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Singtel Q4 profit inches up 0.4% to S$773m, full-year profit tumbles 43%
SINGTEL on Wednesday reported a 0.4 per cent rise in net profit to S$773 million for the fourth quarter to March 31, from S$769.6 million a year ago.
Earnings per share (EPS) for the quarter was 4.74 Singapore cents, from 4.72 cents a year ago.
Singtel’s board is recommending a final dividend of 10.7 cents per share, bringing the total ordinary dividend per share for the year to 17.5 cents. If approved by shareholders, the dividend will be paid on Aug 15, 2019.
Singtel expects to maintain its fiscal 2020 ordinary dividend at 17.5 Singapore cents per share, barring unforeseen circumstances.
Shares of the telecommunications company closed S$3.15 on Tuesday, up one Singapore cent.
Revenue for the quarter was at S$4.34 billion, up 1.9 per cent from S$4.26 billion a year ago, on the back of growth from its consumer and digital businesses.
The group saw pre-tax profits for regional associates fall 20 per cent to S$389 million from Airtel's results, which was impacted by competitive pressures and spectrum amortisation and network costs from the continued expansion of their respective 4G networks.
For the full year, net profit fell 43.5 per cent to S$3.09 billion, from S$5.47 billion a year ago, mainly due to an “exceptional gain” the previous year from its NetLink Trust divestment, and lower contributions from the trust as a result.
Singtel also saw losses from India associate Airtel; lower contributions from Indonesia associate Telkomsel; an erosion of carriage services and currency headwinds.
EPS for the full year was lower at 18.96 Singapore cents, from 33.53 cents a year ago.
Revenue for the fiscal year, meanwhile, inched up 0.6 per cent to S$17.37 billion, from S$17.27 billion a year ago.
Postpaid customer growth rose by 32,000 this quarter; while fixed services fell due to lower voice usage, mitigated by the growth in broadband services, the telco said.
Its top performing mobile service segment dropped 6 per cent to S$5.40 billion, from S$5.74 billion a year ago. The telco’s data and internet segment also fell 2.8 per cent to S$3.34 billion, from S$3.44 billion a year ago.
Revenue for its sale of equipment segment was up 19.1 per cent to S$2.88 billion, from S$2.41 billion the year prior.
As for its digital business, revenue rose 11.9 per cent to S$1.25 billion, from S$1.11 billion a year ago. Singtel’s ICT segment, meanwhile, grew by 0.9 per cent to S$3.03 billion, from S$3.01 billion a year ago.
Singtel said group revenue was mainly derived from Singapore and Australia, which accounted for 38 per cent and 52 per cent respectively of the total revenue. The remaining 10 per cent came from the United States and other countries Singtel operates in.
In Australia, operating revenue went up by 10 per cent with the resumption of NBN migrations following the lifting of the temporary suspension on NBN’s HFC network. Excluding NBN migration revenues, operating revenue increased 6.2 per cent on higher equipment sales and handset leasing.
Postpaid handset customers in Australia rose 121,000, while prepaid customers declined by 109,000 from a clean-up of inactive subscribers by a wholesale customer.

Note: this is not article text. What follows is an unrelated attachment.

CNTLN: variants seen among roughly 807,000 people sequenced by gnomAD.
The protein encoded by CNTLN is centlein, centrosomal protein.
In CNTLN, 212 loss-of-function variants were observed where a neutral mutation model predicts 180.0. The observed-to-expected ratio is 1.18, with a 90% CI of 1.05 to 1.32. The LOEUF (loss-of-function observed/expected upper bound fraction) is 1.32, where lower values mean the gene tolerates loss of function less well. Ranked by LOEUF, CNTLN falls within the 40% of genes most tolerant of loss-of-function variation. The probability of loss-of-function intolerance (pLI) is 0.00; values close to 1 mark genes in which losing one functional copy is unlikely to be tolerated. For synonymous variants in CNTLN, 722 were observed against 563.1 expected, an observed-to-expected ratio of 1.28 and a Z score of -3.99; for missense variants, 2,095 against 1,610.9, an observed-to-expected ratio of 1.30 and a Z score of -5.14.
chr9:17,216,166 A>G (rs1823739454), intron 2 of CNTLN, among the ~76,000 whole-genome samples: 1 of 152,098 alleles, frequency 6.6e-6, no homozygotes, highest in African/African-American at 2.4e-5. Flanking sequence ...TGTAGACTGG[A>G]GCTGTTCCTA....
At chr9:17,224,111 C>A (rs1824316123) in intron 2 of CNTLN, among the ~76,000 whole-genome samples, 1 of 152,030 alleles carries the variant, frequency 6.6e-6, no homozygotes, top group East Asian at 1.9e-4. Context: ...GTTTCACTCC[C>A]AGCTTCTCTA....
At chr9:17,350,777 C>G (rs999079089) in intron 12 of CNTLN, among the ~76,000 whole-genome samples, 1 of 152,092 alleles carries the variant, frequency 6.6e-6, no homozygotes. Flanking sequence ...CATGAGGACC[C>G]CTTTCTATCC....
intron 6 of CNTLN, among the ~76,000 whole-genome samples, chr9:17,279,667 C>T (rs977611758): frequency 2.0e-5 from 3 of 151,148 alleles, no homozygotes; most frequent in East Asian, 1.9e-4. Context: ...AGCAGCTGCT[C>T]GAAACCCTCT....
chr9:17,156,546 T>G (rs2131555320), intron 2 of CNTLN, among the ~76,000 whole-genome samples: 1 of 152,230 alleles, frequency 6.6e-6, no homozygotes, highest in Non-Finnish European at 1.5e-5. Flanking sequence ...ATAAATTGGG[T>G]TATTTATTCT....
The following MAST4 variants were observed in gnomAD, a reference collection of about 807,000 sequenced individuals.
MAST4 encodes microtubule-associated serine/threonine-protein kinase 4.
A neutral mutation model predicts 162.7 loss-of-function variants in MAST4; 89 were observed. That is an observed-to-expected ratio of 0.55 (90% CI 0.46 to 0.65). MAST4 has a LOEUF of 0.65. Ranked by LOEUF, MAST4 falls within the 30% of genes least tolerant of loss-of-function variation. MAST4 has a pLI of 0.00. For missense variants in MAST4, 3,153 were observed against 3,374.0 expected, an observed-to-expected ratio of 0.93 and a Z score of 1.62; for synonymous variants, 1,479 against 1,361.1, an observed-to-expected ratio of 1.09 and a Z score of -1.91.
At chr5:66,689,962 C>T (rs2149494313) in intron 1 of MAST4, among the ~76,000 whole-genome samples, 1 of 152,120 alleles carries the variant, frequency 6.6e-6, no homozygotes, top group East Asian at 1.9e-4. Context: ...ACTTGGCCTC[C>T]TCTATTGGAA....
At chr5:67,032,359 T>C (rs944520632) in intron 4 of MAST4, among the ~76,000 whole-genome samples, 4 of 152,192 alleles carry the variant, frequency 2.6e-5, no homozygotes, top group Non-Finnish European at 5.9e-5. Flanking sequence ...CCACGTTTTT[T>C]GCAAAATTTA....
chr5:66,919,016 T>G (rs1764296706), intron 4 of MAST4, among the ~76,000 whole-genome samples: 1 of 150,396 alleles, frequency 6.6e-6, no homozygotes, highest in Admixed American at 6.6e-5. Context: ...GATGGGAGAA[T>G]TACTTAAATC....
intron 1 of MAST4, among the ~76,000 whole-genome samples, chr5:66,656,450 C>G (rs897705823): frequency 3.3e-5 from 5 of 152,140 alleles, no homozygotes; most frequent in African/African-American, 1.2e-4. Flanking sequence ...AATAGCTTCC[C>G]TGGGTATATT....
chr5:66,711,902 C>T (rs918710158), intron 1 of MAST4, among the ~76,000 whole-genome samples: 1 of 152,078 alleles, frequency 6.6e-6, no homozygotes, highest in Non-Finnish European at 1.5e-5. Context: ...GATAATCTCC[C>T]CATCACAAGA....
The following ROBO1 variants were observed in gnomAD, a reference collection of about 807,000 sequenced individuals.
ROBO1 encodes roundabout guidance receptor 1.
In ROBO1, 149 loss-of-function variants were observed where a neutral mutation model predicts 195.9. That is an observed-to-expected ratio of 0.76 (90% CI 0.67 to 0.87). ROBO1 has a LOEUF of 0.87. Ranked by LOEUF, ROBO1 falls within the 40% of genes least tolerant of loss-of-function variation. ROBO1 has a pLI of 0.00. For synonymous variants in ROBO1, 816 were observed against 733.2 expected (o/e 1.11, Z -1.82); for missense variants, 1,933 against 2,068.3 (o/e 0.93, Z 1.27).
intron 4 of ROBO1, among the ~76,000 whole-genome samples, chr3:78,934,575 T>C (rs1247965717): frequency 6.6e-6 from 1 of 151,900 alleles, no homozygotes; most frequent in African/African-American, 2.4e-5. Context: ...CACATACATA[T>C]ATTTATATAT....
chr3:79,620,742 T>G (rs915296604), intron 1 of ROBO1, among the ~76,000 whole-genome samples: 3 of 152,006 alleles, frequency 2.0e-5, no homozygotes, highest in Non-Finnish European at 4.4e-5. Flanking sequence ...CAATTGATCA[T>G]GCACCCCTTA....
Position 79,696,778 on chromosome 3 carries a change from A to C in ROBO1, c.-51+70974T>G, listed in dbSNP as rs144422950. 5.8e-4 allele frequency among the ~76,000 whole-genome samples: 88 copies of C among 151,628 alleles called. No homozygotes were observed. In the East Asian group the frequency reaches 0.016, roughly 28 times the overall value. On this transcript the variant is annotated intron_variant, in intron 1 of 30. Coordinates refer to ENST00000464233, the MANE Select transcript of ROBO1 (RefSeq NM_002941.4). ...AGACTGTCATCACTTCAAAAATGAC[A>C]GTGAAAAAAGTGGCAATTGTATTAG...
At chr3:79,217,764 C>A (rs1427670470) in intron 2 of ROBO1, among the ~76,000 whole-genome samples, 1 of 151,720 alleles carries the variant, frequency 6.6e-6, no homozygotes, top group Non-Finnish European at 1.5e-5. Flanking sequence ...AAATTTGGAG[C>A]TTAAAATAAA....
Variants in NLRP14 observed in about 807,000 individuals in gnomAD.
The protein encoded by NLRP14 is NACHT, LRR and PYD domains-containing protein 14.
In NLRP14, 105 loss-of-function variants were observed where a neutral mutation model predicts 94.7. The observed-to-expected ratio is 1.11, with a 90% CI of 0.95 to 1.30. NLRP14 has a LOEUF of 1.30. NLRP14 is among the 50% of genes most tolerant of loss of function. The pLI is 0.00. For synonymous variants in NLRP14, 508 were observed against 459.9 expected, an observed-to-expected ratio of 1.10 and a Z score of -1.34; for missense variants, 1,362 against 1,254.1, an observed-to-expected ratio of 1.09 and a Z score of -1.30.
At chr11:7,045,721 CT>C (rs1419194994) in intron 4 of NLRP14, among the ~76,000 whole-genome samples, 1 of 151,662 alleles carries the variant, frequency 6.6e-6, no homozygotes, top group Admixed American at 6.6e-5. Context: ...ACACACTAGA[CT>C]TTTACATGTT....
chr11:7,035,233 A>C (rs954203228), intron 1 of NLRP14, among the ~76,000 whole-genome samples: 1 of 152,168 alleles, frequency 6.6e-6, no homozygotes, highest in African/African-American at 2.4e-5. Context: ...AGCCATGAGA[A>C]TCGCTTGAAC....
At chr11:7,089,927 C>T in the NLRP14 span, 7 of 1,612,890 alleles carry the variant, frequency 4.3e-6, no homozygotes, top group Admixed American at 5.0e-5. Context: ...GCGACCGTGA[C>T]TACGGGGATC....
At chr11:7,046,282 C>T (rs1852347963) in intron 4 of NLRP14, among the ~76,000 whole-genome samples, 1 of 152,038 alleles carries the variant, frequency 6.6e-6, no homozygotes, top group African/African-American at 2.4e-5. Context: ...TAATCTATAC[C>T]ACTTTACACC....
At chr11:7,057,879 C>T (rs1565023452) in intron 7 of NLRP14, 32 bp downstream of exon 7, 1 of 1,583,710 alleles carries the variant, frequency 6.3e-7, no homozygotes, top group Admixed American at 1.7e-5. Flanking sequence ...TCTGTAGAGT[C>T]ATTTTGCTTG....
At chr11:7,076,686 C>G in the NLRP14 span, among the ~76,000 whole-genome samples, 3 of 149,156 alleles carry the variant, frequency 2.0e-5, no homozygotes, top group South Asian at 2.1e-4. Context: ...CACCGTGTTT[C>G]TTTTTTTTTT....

Singtel’s group enterprise unit saw revenue decline 3 per cent for the quarter as a result of lower carriage revenue. ICT services rose 4 per cent by subsidiary NCS, while cyber security revenue rose 11 per cent from strong growth in Asia-Pacific. The telco added that ICT now contributes to 51 per cent of its group enterprise unit’s revenue, from 48 per cent a year ago.
As for Singtel’s group digital life unit, revenue rose 33 per cent on the back of contributions from Amobee’s programmatic advertising business and contributions from Videology which it acquired in August 2018. Without Videology, revenue for the increased by 17 per cent, the telco added.
The markets in India and Indonesia were also affected by "intense competition" said Singtel group CEO Chua Sock Koong.
Competitive pressure in Indonesia has since eased, with Telkomsel returning to year-on-year revenue growth and reversing declines during its SIM card registration exercise.
Airtel was affected by intense price competition which has "forced a sweeping market consolidation" resulting in fewer operators in India, Singtel said.
Thai associate AIS’ earnings were impacted by higher network depreciation and spectrum amortisation, while Philippine’s Globe delivered "another solid quarter" of revenue and earnings growth from both its mobile and broadband segments.
The group is expecting its consolidated revenue to grow by a mid single digit, with capital expenditure expected to be around S$2.2 billion. It is also expecting growth from its ICT services, cybersecurity revenue and subsidiary Amobee operating revenue.
“Looking ahead, we will accelerate our digitalisation efforts to drive better customer experience and improve productivity and cost structure by transforming our processes,” Ms Chua said.
Through these efforts, Singtel aims to deliver cost savings and avoidance of around S$490 million for fiscal 2020.
In a separate announcement, Singtel said it has appointed Gail Kelly as an independent director and member of its audit committee. It also appointed Dominic Barton as a member of its finance and investment committee and of its risk committee. Both appointments take immediate effect.